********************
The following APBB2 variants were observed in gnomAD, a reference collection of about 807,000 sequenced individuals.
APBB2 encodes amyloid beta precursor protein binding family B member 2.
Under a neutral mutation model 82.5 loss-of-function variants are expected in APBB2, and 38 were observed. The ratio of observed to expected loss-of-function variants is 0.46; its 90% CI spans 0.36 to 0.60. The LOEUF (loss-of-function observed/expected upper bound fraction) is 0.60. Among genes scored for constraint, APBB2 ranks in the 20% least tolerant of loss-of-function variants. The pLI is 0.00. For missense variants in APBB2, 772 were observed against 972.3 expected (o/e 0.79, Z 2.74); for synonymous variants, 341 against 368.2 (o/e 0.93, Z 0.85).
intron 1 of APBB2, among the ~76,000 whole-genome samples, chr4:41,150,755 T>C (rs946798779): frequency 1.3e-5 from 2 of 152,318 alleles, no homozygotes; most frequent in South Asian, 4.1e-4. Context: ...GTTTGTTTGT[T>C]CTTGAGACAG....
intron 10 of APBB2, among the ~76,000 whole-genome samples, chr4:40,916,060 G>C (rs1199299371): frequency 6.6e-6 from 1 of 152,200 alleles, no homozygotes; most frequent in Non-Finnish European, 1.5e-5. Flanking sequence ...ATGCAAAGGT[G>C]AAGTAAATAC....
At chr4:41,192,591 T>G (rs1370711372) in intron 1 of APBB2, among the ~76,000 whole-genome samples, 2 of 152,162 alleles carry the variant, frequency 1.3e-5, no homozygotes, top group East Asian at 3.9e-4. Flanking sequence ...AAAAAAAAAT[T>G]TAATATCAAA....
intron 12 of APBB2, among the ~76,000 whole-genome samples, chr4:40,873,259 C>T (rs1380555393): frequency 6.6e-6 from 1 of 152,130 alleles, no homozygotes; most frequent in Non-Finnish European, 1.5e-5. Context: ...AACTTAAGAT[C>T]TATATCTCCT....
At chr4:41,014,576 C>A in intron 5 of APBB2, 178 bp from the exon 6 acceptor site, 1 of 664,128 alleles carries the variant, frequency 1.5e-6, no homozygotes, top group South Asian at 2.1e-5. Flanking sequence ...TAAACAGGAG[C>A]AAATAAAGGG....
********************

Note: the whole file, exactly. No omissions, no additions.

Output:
The following APBB2 variants were observed in gnomAD, a reference collection of about 807,000 sequenced individuals.
APBB2 encodes amyloid beta precursor protein binding family B member 2.
Under a neutral mutation model 82.5 loss-of-function variants are expected in APBB2, and 38 were observed. The ratio of observed to expected loss-of-function variants is 0.46; its 90% CI spans 0.36 to 0.60. The LOEUF (loss-of-function observed/expected upper bound fraction) is 0.60. Among genes scored for constraint, APBB2 ranks in the 20% least tolerant of loss-of-function variants. The pLI is 0.00. For missense variants in APBB2, 772 were observed against 972.3 expected (o/e 0.79, Z 2.74); for synonymous variants, 341 against 368.2 (o/e 0.93, Z 0.85).
intron 1 of APBB2, among the ~76,000 whole-genome samples, chr4:41,150,755 T>C (rs946798779): frequency 1.3e-5 from 2 of 152,318 alleles, no homozygotes; most frequent in South Asian, 4.1e-4. Context: ...GTTTGTTTGT[T>C]CTTGAGACAG....
intron 10 of APBB2, among the ~76,000 whole-genome samples, chr4:40,916,060 G>C (rs1199299371): frequency 6.6e-6 from 1 of 152,200 alleles, no homozygotes; most frequent in Non-Finnish European, 1.5e-5. Flanking sequence ...ATGCAAAGGT[G>C]AAGTAAATAC....
At chr4:41,192,591 T>G (rs1370711372) in intron 1 of APBB2, among the ~76,000 whole-genome samples, 2 of 152,162 alleles carry the variant, frequency 1.3e-5, no homozygotes, top group East Asian at 3.9e-4. Flanking sequence ...AAAAAAAAAT[T>G]TAATATCAAA....
intron 12 of APBB2, among the ~76,000 whole-genome samples, chr4:40,873,259 C>T (rs1380555393): frequency 6.6e-6 from 1 of 152,130 alleles, no homozygotes; most frequent in Non-Finnish European, 1.5e-5. Context: ...AACTTAAGAT[C>T]TATATCTCCT....
At chr4:41,014,576 C>A in intron 5 of APBB2, 178 bp from the exon 6 acceptor site, 1 of 664,128 alleles carries the variant, frequency 1.5e-6, no homozygotes, top group South Asian at 2.1e-5. Flanking sequence ...TAAACAGGAG[C>A]AAATAAAGGG....